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HomeATS CommunityWho's Who ▶ Who's Who: Rachel S. Knipe, MD
Who's Who: Rachel S. Knipe, MD

  1. Your full title as you’d like it to appear.


Rachel S. Knipe, MD

Instructor in Medicine, Harvard Medical School

Assistant Physician, Division of Pulmonary and Critical Care Medicine, Massachusetts General Hospital



  1. Three statements about you – two true, one false.
  2. I was born in Cleveland.
  3. On the weekends I moonlight as a youth soccer coach.
  4. I didn’t start drinking coffee until medical school.



  1. Give us your ‘elevator pitch’ biography.

I grew up near Boston and moved to Chicago for college and medical school at the University of Chicago. After eight great years in the Windy City, I moved east to New York City for internal medicine residency at New York-Presbyterian Cornell, staying in NYC for a fifth year to serve as Chief Resident at NY Downtown Hospital in Lower Manhattan.


I moved back to Boston in 2010 for my fellowship training in pulmonary and critical care medicine. At that time, the Harvard program was combined between Mass General Hospital, Brigham and Women’s Hospital, and Beth Israel Deaconess Hospital so I received clinical training at all three hospitals. For the research portion of my fellowship, I trained in the lab of Andrew Tager, MD, a truly fantastic person, and an inspirational fibrosis mentor. He was instrumental in my decision to study the vasculature in pulmonary fibrosis and launching my research career.


Currently, I am a physician-scientist at MGH working to achieve a better understanding of the mechanisms that lead to the development of pulmonary fibrosis in the lungs, with a particular focus on the role of endothelialknipe-rachel-2.jpg dysfunction and vascular permeability in fibrogenesis. The endothelium in general is a relatively understudied area of fibrosis research. In addition, I’m also interested in understanding the link between endothelial dysfunction and fibroproliferation that occurs after acute lung injury, which is particularly relevant in the era of COVID-19 ARDS. My goal is to use this biology to develop novel therapies to improve the lives of patients with pulmonary fibrosis.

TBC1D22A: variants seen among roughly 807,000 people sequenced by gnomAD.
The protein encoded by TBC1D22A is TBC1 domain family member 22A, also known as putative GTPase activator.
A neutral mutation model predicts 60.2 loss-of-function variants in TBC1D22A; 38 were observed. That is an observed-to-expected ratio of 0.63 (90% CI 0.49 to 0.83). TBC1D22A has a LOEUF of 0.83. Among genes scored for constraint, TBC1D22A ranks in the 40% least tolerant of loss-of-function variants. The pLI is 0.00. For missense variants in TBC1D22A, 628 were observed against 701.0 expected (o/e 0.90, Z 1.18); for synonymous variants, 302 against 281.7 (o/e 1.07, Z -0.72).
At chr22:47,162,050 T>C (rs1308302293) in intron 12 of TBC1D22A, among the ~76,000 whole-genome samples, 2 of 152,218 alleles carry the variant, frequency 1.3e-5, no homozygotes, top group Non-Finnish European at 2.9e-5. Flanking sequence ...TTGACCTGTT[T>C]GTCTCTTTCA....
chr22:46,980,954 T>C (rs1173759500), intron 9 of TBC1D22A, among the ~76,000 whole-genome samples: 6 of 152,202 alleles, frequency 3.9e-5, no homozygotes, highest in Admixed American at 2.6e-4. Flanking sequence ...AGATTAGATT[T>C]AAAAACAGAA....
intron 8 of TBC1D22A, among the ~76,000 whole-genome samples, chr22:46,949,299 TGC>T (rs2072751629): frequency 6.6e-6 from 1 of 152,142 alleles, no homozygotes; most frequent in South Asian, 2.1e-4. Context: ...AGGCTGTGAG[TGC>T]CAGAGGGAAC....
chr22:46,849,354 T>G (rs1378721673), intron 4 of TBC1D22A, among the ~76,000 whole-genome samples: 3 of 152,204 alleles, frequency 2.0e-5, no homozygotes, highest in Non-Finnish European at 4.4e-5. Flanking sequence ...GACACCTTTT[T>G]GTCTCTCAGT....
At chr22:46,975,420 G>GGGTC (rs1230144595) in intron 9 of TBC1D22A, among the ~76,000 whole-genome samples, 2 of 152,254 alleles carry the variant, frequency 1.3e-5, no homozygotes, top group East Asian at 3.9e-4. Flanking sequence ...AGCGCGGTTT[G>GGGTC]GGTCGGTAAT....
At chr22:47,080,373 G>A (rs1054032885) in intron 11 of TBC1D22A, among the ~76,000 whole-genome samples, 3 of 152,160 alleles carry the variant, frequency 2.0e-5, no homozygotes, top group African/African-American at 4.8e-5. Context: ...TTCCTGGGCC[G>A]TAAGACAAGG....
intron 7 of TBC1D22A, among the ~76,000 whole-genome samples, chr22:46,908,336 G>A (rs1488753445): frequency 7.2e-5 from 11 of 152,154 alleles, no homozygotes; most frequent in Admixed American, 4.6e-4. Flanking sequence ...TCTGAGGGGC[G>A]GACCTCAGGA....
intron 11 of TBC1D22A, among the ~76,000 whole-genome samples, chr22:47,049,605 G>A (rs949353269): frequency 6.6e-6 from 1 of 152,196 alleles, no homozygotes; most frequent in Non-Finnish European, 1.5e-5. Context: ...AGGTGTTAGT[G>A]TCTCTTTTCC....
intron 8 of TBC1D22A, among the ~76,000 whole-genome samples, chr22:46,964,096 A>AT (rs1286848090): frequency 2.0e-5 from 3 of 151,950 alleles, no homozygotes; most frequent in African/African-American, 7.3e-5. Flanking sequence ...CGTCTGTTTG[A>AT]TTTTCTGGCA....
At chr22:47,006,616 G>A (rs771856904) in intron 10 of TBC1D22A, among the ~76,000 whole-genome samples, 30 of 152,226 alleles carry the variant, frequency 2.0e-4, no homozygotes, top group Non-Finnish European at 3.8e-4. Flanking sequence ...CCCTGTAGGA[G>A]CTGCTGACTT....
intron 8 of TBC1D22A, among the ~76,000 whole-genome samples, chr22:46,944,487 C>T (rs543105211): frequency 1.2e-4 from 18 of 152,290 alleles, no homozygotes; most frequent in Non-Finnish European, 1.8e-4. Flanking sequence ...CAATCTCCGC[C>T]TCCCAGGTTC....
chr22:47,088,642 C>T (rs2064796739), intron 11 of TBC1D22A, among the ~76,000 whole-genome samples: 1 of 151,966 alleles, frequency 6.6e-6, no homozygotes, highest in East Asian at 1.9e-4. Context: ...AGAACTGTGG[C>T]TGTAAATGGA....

1. What would you tell yourself as an Early Career Professional?


I still consider myself an early career professional! But if I could give my younger self advice, it would be to talk to as many people as you can about research ideas and take advantage of opportunities to present your work and meet people in your field of interest. Science is a team sport and is most productive when collaborative. I would tell myself not to be intimidated by getting feedback from senior scientists in the field, especially experienced leaders you meet through the ATS. I’ve benefitted tremendously from opportunities for committee involvement in the RCMB assembly and from ATS mentorship programs, where I have been fortunate to meet leaders like Lynn Schnapp, MD, ATSF and others, who are excited to support junior fellows and faculty in the areas of respiratory medicine and research. These mentorship relationships have made a huge difference in my career.



  1. If you weren’t in medicine, and were in a different industry altogether, what would you be?


The first thing that popped into my mind was ‘boat captain,’ because I can see the Boston Harbor from the windows in our lab, and I don’t get outside as much as I would like during the daylight hours.  But seriously, I would probably be a teacher. I like communicating with people about medicine and science and working with learners of all ages. I also like learning myself, a lifelong skill I picked up at the University of Chicago, and I enjoy explaining things to others as well. I love working with fellows, post-docs, residents, and medical students because they are always full of energy and ideas and that motivates and inspires me to keep pushing.



  1. What is your favorite way to spend a day off?

I have two sons who are six and eight years old, and my husband and I really enjoy taking the kids on bike rides, as both kids can independently ride bikes now. Another favorite activity for a day off is swimming together at the pool or ocean. And ice cream!  Always ice cream.



  1. What areas of medicine are you most excited to see develop?

I am most excited about seeing the field of pulmonary fibrosis develop into personalized medicine, at a level where we can select specific treatments for specific patients. The field of oncology is ahead of us in terms of targeting therapies to subpopulations of patients based on genetic mutations found in each person’s cancer. As we learn more about the pathogenesis of IPF, I hope we will start to cluster patients in a way that will guide treatment decisions and design clinical trials to study response to targeted therapies.  



  1. What is one advancement in your field you’d like to see in your career?

I’d love to see a cure for pulmonary fibrosis. Right now, therapies only slow the rate of progression, but I know we can and will do better. There is so much great data coming out about the importance of epithelial senescence, myofibroblast persistence, and even endothelial dysfunction, that I think there is a lot of hope that we will be able to develop novel therapies to stop progression, and then hopefully even to reverse established fibrosis.



  1. Which statement did you make up?

#1- I was born at Northwestern Hospital in Chicago!